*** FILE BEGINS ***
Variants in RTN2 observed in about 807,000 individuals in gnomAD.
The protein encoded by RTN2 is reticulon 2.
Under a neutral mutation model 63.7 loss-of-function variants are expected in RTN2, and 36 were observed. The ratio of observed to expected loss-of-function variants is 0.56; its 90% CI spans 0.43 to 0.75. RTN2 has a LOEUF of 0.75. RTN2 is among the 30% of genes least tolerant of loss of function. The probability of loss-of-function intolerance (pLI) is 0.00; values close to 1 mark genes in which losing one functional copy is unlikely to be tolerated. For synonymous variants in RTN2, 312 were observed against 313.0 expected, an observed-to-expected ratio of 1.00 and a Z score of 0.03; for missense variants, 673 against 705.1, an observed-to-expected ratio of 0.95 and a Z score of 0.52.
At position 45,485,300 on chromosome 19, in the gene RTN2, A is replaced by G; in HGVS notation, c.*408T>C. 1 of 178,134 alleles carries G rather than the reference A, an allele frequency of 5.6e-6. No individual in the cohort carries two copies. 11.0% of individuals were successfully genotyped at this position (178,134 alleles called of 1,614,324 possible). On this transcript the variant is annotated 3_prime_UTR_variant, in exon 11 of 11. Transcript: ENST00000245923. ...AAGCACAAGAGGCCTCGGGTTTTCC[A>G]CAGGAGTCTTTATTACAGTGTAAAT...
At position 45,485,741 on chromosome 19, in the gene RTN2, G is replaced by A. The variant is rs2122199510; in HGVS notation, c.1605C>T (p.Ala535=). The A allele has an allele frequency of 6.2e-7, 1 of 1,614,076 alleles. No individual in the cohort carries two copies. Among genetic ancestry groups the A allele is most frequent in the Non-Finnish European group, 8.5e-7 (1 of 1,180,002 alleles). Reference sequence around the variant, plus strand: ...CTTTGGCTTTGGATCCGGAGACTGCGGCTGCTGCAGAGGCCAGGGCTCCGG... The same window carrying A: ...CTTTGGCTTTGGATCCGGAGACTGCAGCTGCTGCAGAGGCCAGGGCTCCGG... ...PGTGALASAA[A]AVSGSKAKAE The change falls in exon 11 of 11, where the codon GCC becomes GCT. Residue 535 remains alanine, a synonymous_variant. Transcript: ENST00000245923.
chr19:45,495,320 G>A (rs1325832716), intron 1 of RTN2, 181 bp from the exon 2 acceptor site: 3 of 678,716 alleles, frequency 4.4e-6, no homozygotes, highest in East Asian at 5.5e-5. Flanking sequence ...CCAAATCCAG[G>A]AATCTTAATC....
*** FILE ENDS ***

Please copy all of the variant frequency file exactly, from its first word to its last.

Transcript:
Variants in RTN2 observed in about 807,000 individuals in gnomAD.
The protein encoded by RTN2 is reticulon 2.
Under a neutral mutation model 63.7 loss-of-function variants are expected in RTN2, and 36 were observed. The ratio of observed to expected loss-of-function variants is 0.56; its 90% CI spans 0.43 to 0.75. RTN2 has a LOEUF of 0.75. RTN2 is among the 30% of genes least tolerant of loss of function. The probability of loss-of-function intolerance (pLI) is 0.00; values close to 1 mark genes in which losing one functional copy is unlikely to be tolerated. For synonymous variants in RTN2, 312 were observed against 313.0 expected, an observed-to-expected ratio of 1.00 and a Z score of 0.03; for missense variants, 673 against 705.1, an observed-to-expected ratio of 0.95 and a Z score of 0.52.
At position 45,485,300 on chromosome 19, in the gene RTN2, A is replaced by G; in HGVS notation, c.*408T>C. 1 of 178,134 alleles carries G rather than the reference A, an allele frequency of 5.6e-6. No individual in the cohort carries two copies. 11.0% of individuals were successfully genotyped at this position (178,134 alleles called of 1,614,324 possible). On this transcript the variant is annotated 3_prime_UTR_variant, in exon 11 of 11. Transcript: ENST00000245923. ...AAGCACAAGAGGCCTCGGGTTTTCC[A>G]CAGGAGTCTTTATTACAGTGTAAAT...
At position 45,485,741 on chromosome 19, in the gene RTN2, G is replaced by A. The variant is rs2122199510; in HGVS notation, c.1605C>T (p.Ala535=). The A allele has an allele frequency of 6.2e-7, 1 of 1,614,076 alleles. No individual in the cohort carries two copies. Among genetic ancestry groups the A allele is most frequent in the Non-Finnish European group, 8.5e-7 (1 of 1,180,002 alleles). Reference sequence around the variant, plus strand: ...CTTTGGCTTTGGATCCGGAGACTGCGGCTGCTGCAGAGGCCAGGGCTCCGG... The same window carrying A: ...CTTTGGCTTTGGATCCGGAGACTGCAGCTGCTGCAGAGGCCAGGGCTCCGG... ...PGTGALASAA[A]AVSGSKAKAE The change falls in exon 11 of 11, where the codon GCC becomes GCT. Residue 535 remains alanine, a synonymous_variant. Transcript: ENST00000245923.
chr19:45,495,320 G>A (rs1325832716), intron 1 of RTN2, 181 bp from the exon 2 acceptor site: 3 of 678,716 alleles, frequency 4.4e-6, no homozygotes, highest in East Asian at 5.5e-5. Flanking sequence ...CCAAATCCAG[G>A]AATCTTAATC....